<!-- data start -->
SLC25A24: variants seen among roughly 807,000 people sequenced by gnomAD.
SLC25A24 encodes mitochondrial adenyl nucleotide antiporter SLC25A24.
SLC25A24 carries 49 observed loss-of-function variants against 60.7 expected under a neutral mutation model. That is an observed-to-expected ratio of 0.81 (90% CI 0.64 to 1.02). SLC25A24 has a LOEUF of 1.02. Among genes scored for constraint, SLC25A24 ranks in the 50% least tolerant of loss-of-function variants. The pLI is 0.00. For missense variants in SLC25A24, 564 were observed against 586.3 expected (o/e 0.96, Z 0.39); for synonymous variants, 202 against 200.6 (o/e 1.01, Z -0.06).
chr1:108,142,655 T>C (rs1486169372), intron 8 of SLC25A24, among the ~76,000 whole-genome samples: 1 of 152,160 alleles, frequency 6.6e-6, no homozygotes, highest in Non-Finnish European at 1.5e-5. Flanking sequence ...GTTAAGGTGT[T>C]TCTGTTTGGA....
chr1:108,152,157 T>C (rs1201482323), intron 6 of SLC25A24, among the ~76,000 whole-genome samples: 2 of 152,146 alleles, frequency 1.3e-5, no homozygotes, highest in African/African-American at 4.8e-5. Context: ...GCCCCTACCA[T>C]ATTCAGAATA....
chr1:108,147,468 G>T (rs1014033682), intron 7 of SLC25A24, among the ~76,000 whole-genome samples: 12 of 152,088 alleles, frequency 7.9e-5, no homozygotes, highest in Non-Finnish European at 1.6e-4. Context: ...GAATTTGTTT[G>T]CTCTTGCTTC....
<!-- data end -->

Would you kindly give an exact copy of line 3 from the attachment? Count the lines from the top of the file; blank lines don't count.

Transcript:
SLC25A24 carries 49 observed loss-of-function variants against 60.7 expected under a neutral mutation model. That is an observed-to-expected ratio of 0.81 (90% CI 0.64 to 1.02). SLC25A24 has a LOEUF of 1.02. Among genes scored for constraint, SLC25A24 ranks in the 50% least tolerant of loss-of-function variants. The pLI is 0.00. For missense variants in SLC25A24, 564 were observed against 586.3 expected (o/e 0.96, Z 0.39); for synonymous variants, 202 against 200.6 (o/e 1.01, Z -0.06).